The chapters written by Lily are heartbreaking as she ticks off the days until her birthday knowing what it means, constantly reminded of how precarious life has become as her fellow residents succumb to various infections that would once have been little more than an inconvenience. However, it's also clear that Lily is still tormented by her past and she becomes increasingly convinced that somebody is targeting her because of what she did back then. The chapters following Mary in South Africa are tinged with foreboding as her discussions about TB and drug resistance are obviously devastatingly prescient. There's a moment later in the novel where a scene from The English Patient is recalled which I found especially striking because I'd already been reminded of that film in parts of Mary's storyline as she too has a passionate but ultimately doomed love story.
Although it's quickly obvious how the three strands of the novel are connected, there are still some surprises and as well as being a dark look at an all-too believable future, The Waiting Rooms is also a nerve-wracking thriller and is genuinely shocking at some points. It's perhaps wrong to describe the book as enjoyable, it's too uncomfortably relevant for that but it is brilliantly compelling, perceptive and poignant. The Waiting Rooms is an important story for our times, tackling topics like drug resistance, euthanasia and ageism with empathetic insight. It might not be the easiest of subject matters right now but there are times when it's vital to push ourselves out of our comfort zones and this is definitely one of those occasions; I urge you to read it.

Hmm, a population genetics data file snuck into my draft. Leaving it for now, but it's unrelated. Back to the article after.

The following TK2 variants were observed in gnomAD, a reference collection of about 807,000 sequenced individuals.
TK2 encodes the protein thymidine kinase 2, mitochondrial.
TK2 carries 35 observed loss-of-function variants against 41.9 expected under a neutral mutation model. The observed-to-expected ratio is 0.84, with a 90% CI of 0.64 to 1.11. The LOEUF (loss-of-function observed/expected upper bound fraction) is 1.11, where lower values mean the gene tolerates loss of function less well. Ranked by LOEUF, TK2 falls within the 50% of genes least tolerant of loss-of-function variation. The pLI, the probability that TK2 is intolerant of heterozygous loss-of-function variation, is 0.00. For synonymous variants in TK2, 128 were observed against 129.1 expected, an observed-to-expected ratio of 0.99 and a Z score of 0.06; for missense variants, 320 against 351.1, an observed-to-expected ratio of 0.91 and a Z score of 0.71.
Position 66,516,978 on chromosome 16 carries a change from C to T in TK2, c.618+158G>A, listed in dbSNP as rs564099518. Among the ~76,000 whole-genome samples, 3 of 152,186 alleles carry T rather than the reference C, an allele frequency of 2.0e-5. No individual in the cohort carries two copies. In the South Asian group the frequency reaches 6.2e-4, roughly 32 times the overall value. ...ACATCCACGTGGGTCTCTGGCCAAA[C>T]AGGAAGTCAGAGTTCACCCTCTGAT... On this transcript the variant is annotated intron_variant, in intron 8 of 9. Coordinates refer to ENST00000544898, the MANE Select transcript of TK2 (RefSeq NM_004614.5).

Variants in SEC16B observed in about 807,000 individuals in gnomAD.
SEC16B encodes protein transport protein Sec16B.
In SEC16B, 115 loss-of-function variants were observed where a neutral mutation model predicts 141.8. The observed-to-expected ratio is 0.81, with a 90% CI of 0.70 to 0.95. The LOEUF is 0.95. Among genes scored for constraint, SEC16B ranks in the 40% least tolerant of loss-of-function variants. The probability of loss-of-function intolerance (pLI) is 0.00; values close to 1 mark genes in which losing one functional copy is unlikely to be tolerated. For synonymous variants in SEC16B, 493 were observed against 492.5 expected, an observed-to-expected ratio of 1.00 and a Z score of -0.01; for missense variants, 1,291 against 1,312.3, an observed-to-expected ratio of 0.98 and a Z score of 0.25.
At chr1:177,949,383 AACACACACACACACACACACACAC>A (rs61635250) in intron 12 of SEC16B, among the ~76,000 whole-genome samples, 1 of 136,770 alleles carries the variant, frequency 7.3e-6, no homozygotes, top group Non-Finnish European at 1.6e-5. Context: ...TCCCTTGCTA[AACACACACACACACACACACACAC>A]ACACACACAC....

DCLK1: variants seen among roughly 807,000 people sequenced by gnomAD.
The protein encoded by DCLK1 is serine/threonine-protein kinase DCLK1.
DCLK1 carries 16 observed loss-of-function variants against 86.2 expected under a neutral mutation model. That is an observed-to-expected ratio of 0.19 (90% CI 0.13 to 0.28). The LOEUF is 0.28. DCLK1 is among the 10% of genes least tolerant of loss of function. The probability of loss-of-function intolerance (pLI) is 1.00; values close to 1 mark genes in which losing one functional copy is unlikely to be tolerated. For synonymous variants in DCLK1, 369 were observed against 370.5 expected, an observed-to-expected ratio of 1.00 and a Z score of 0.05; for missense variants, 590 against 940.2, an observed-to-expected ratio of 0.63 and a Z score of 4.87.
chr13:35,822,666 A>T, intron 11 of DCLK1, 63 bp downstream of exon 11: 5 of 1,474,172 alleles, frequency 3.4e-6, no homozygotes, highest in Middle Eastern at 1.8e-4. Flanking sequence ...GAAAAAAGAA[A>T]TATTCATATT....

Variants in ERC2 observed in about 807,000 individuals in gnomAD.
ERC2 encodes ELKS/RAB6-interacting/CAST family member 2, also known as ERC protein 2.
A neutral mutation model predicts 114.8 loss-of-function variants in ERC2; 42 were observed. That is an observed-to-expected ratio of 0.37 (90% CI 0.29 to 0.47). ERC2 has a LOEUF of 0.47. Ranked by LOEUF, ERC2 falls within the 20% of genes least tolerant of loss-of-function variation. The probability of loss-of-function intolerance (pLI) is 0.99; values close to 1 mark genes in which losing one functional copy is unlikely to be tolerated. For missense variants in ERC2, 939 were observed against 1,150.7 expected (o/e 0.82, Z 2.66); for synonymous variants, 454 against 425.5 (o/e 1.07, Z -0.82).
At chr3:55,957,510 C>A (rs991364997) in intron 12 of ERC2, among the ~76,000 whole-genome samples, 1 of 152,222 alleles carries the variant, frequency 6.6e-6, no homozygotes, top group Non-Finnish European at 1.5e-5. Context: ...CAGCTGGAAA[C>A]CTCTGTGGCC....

The Waiting Rooms is published by Orenda Books, it is available now in ebook and will be out in paperback on 9th July 2020. Purchasing links can be found here but please consider supporting independent bookstores whenever possible.

Don't miss the rest of the blog tour, details are below.

About the Author

Eve Smith writes speculative fiction, mainly about the things that scare her. She attributes her love of all things dark and dystopian to a childhood watching Tales of the Unexpected and black-and-white Edgar Allen Poe double bills. In this world of questionable facts, stats and news, she believes storytelling is more important than ever to engage people in real life issues.

Set twenty years after an antibiotic crisis, her debut novel The Waiting Rooms was shortlisted for the Bridport Prize First Novel Award. Her flash fiction has been shortlisted for the Bath Flash Fiction Award and highly commended for The Brighton Prize.

When she’s not writing she’s romping across fields after her dog, trying to organise herself and her family or off exploring somewhere new.